Now, the more pious builders of the cathedrals meant them to represent God to an illiterate populace and they do indeed capture a modicum of the grandeur of the One to whom they are dedicated. But what they perhaps best captured was a picture of how one person alone cannot see all of God. Standing at the base of a cathedral is like contemplating God. Just as the human eye cannot take in any more than a mere fraction of the great building at any one time, so the human mind cannot apprehend more than the smallest part of Yahweh. Just the idea of the Three-In-One is enough to blow the mind, not to mention all other parts of Him!
Transferring this concept to theology – which is the study of God – and the systems that result from that, due to the finiteness of the human mind, it is not possible for us to fully explain spiritual realities. If we seek to put all of the Truth in Scripture under only one large theme9, we will fall short and there will always be pieces that don’t fully fit within our chosen rubric.
If you think me to be crass in saying this, take for example the relatively small area of Old Testament Theology. This field deals only with what the Old Testament has to say about God. Gerhard Hassel’s Old Testament Theology: Basic Issues in the Current Debate10 catalogues the various attempts of many different theologians to distill an overarching theme about God from the Old Testament. After a very careful study and a listing of the shortcoming of the various approaches, Hassel concludes:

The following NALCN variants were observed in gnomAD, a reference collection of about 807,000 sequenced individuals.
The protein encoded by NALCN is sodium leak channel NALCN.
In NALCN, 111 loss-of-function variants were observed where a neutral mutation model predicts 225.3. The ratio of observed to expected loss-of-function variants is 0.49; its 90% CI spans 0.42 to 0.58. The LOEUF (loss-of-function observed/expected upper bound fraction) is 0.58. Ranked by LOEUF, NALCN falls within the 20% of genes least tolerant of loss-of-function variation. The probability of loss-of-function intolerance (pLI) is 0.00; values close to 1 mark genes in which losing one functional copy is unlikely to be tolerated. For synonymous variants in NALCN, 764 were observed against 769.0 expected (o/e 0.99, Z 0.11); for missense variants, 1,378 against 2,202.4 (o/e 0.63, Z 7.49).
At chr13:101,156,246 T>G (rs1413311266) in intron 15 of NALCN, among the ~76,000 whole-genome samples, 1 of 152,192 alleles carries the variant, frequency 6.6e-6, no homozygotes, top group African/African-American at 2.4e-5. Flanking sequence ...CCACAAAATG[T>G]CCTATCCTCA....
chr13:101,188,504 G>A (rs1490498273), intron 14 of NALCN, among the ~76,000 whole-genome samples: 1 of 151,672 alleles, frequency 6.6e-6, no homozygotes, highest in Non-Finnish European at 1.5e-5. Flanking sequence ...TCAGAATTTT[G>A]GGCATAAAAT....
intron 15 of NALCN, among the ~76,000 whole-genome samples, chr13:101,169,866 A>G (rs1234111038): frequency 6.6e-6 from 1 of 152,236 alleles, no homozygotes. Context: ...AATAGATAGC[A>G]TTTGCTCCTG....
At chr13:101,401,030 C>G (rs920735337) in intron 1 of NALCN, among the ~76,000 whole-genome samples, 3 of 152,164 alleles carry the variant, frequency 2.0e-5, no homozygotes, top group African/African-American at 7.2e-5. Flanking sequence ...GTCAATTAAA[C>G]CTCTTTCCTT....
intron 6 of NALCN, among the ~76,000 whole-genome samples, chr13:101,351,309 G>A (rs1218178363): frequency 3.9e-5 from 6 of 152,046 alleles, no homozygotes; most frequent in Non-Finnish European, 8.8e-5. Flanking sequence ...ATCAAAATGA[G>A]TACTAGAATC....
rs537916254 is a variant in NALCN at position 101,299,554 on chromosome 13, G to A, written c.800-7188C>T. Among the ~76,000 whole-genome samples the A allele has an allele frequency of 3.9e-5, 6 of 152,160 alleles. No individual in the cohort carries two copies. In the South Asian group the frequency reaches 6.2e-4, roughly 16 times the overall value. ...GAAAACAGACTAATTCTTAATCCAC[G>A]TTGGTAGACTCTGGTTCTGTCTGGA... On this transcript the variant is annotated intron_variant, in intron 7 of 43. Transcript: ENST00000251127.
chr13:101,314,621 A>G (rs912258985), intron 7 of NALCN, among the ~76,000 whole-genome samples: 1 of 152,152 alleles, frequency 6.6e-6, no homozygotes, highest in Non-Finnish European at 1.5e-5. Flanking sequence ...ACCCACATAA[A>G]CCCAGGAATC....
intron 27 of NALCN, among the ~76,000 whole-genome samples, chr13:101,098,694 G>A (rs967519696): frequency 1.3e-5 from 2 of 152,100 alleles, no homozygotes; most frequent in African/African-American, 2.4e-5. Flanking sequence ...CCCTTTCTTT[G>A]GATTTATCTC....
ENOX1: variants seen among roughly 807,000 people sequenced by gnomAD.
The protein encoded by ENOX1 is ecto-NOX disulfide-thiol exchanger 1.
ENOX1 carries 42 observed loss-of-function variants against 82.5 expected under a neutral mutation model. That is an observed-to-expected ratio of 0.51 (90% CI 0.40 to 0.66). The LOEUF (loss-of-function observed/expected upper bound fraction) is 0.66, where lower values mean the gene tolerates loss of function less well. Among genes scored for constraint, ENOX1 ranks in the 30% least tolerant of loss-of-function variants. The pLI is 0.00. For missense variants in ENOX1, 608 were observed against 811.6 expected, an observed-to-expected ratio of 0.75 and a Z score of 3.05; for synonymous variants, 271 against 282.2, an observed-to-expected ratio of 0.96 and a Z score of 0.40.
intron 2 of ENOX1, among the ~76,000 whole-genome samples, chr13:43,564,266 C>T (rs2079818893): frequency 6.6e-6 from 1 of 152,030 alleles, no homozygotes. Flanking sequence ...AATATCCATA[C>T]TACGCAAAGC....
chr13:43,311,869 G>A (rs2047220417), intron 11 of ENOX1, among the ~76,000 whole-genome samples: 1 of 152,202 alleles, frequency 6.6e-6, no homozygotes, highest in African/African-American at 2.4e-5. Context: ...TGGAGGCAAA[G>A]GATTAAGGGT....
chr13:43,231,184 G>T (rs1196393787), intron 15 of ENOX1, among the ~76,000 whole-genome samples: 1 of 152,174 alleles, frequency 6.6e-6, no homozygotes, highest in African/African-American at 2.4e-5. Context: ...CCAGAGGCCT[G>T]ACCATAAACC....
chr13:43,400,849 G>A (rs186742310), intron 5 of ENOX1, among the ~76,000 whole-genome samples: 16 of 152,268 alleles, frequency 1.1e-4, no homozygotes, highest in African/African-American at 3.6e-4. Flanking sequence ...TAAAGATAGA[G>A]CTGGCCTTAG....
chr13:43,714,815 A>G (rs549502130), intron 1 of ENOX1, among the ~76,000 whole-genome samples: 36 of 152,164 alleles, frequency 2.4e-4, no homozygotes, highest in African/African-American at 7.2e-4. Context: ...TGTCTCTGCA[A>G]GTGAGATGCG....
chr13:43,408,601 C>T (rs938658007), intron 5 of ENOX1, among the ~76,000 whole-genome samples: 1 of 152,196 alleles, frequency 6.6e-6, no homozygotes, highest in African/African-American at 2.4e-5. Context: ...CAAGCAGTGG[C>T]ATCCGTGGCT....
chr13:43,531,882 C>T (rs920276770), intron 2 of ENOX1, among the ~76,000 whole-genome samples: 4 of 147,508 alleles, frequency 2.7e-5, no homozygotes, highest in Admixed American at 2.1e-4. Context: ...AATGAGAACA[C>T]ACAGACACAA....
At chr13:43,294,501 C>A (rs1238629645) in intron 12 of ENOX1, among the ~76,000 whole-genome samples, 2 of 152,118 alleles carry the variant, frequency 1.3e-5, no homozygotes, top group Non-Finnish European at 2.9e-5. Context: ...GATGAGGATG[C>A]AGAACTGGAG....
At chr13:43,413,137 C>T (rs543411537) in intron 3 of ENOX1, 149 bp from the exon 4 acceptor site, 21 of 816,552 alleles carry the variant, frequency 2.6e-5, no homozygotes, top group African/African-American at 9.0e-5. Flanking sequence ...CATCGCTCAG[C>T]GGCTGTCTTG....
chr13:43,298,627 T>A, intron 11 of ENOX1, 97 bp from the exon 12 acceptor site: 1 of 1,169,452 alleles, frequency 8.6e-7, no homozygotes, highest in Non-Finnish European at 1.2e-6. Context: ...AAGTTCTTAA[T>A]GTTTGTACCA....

Our attempt to focus on unresolved crucial problems which are at the center of the current crisis in OT theology has revealed that there are basic inadequacies in the current methodologies and approaches.11
If that is his conclusion dealing solely with the Old Testament, which is only a part of overall Scripture, what happens with the rest of the Bible? The interesting thing is that, as prolific as Old Testament theologies are, they are eclipsed by the New Testament theologies!12 No one seems to be able to agree on one overriding principle as to how to order or explain all of Scripture, which clearly supports the idea of God being like a cathedral.
B. The Depraved Human
Added to this innate finiteness is another aspect of humanity that few of us like to admit to and that is our depravity. The Calvinist system makes much of the evil that resides in the human heart, as any system of theology that takes the Bible seriously should. Scripture minces no words about how evil we are. Jeremiah dryly remarks:
The heart is more deceitful than all else
And is desperately sick;
Who can understand it? (Jeremiah 17:9)13
Quoting the Old Testament, Paul the apostle writes:
There is none righteous, not even one;
there is none who understands,
there is none who seeks for God;
all have turned aside, together they have become useless;
there is none who does good,
there is not even one. (Romans 3:10-12, quoting Psalm 14:1-3 and 53:1-3)
He then later goes on to write, “[F]or there is no distinction; for all have sinned and fall short of the glory of God….” (Romans 3:22b-23)
Most Christians will agree with this assessment. However what we don’t seem to agree with is the fact that, this side of Eternity we still wrestle with that fallen nature. Once more Paul so eloquently puts it in his letter to the Romans:
For we know that the Law is spiritual, but I am of flesh, sold into bondage to sin. For what I am doing, I do not understand; for I am not practicing what I would like to do, but I am doing the very thing I hate. But if I do the very thing I do not want to do, I agree with the Law, confessing that the Law is good. So now, no longer am I the one doing it, but sin which dwells in me. For I know that nothing good dwells in me, that is, in my flesh; for the willing is present in me, but the doing of the good is not. For the good that I want, I do not do, but I practice the very evil that I do not want. But if I am doing the very thing I do not want, I am no longer the one doing it, but sin which dwells in me. I find then the principle that evil is present in me, the one who wants to do good. (Romans 7:14-21)